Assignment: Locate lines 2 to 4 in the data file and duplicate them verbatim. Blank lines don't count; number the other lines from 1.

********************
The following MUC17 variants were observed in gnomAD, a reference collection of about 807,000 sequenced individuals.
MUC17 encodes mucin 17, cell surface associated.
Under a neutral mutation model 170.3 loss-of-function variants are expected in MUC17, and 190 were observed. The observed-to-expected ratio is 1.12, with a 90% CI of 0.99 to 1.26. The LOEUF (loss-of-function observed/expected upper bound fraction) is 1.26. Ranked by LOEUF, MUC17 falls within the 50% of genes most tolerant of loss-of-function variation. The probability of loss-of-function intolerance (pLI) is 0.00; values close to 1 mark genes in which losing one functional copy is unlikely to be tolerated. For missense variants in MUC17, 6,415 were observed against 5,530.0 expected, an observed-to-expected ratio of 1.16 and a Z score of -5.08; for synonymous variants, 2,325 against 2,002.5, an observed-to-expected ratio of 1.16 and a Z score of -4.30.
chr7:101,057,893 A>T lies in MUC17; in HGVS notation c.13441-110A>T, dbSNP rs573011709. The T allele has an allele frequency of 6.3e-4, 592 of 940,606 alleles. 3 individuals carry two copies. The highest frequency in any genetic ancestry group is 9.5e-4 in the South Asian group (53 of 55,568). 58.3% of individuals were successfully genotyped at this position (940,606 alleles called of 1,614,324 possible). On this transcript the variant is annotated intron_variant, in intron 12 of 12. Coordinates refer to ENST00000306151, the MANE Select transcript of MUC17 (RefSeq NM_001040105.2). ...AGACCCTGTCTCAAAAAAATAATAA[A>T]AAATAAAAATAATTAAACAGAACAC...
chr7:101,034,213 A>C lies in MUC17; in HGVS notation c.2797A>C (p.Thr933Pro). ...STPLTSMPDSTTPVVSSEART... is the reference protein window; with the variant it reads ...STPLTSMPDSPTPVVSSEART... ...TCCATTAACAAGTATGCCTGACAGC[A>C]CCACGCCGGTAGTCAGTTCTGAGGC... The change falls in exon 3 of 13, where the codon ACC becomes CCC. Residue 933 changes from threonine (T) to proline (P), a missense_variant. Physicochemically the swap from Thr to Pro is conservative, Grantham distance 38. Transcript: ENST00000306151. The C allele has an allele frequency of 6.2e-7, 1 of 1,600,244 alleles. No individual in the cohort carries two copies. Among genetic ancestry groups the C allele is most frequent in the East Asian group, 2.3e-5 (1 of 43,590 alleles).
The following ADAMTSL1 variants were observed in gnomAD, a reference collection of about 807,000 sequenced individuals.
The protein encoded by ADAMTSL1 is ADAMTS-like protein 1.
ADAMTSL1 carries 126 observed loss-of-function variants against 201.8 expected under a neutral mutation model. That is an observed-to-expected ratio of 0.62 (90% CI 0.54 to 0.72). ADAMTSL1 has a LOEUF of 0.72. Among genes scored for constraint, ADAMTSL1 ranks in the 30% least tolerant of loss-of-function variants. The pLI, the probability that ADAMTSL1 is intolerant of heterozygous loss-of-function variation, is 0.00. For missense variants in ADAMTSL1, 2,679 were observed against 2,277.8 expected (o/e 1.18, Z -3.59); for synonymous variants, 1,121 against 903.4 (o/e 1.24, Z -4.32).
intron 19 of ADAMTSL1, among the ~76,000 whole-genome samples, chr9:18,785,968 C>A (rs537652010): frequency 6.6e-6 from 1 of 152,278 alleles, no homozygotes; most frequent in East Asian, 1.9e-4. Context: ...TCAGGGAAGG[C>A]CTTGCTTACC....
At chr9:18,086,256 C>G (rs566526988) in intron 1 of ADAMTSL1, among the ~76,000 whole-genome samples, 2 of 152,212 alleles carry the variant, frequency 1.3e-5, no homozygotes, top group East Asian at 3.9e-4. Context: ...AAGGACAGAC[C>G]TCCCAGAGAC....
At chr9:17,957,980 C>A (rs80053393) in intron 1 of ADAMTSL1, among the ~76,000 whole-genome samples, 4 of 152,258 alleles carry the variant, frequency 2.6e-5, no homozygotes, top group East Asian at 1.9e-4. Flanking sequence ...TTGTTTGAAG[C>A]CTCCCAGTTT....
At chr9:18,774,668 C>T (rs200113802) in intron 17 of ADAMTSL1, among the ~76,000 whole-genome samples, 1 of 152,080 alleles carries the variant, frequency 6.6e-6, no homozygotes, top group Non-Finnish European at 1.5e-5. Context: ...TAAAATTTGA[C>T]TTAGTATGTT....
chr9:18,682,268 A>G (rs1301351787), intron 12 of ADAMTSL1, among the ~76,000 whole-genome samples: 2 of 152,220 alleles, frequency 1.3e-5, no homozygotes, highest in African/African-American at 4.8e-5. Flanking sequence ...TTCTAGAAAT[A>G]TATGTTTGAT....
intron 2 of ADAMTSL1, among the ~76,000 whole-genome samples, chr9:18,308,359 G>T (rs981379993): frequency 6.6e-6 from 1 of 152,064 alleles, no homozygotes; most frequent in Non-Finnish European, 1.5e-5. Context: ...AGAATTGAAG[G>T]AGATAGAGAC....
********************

MUC17 encodes mucin 17, cell surface associated.
Under a neutral mutation model 170.3 loss-of-function variants are expected in MUC17, and 190 were observed. The observed-to-expected ratio is 1.12, with a 90% CI of 0.99 to 1.26. The LOEUF (loss-of-function observed/expected upper bound fraction) is 1.26. Ranked by LOEUF, MUC17 falls within the 50% of genes most tolerant of loss-of-function variation. The probability of loss-of-function intolerance (pLI) is 0.00; values close to 1 mark genes in which losing one functional copy is unlikely to be tolerated. For missense variants in MUC17, 6,415 were observed against 5,530.0 expected, an observed-to-expected ratio of 1.16 and a Z score of -5.08; for synonymous variants, 2,325 against 2,002.5, an observed-to-expected ratio of 1.16 and a Z score of -4.30.
chr7:101,057,893 A>T lies in MUC17; in HGVS notation c.13441-110A>T, dbSNP rs573011709. The T allele has an allele frequency of 6.3e-4, 592 of 940,606 alleles. 3 individuals carry two copies. The highest frequency in any genetic ancestry group is 9.5e-4 in the South Asian group (53 of 55,568). 58.3% of individuals were successfully genotyped at this position (940,606 alleles called of 1,614,324 possible). On this transcript the variant is annotated intron_variant, in intron 12 of 12. Coordinates refer to ENST00000306151, the MANE Select transcript of MUC17 (RefSeq NM_001040105.2). ...AGACCCTGTCTCAAAAAAATAATAA[A>T]AAATAAAAATAATTAAACAGAACAC...